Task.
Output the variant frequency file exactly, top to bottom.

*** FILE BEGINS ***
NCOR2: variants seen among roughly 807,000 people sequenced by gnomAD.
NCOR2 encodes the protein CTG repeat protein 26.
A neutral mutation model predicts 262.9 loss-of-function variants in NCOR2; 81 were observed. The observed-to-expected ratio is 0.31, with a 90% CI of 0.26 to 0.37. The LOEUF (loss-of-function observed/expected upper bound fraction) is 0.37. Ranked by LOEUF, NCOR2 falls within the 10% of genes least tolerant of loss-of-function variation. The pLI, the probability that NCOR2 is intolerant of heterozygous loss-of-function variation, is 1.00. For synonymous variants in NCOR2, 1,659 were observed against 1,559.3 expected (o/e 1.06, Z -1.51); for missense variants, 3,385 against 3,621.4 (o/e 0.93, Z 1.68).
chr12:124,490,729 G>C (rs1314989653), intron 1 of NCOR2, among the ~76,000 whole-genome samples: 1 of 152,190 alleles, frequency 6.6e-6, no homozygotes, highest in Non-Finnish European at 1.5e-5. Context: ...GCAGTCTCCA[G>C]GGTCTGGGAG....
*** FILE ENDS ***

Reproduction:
NCOR2: variants seen among roughly 807,000 people sequenced by gnomAD.
NCOR2 encodes the protein CTG repeat protein 26.
A neutral mutation model predicts 262.9 loss-of-function variants in NCOR2; 81 were observed. The observed-to-expected ratio is 0.31, with a 90% CI of 0.26 to 0.37. The LOEUF (loss-of-function observed/expected upper bound fraction) is 0.37. Ranked by LOEUF, NCOR2 falls within the 10% of genes least tolerant of loss-of-function variation. The pLI, the probability that NCOR2 is intolerant of heterozygous loss-of-function variation, is 1.00. For synonymous variants in NCOR2, 1,659 were observed against 1,559.3 expected (o/e 1.06, Z -1.51); for missense variants, 3,385 against 3,621.4 (o/e 0.93, Z 1.68).
chr12:124,490,729 G>C (rs1314989653), intron 1 of NCOR2, among the ~76,000 whole-genome samples: 1 of 152,190 alleles, frequency 6.6e-6, no homozygotes, highest in Non-Finnish European at 1.5e-5. Context: ...GCAGTCTCCA[G>C]GGTCTGGGAG....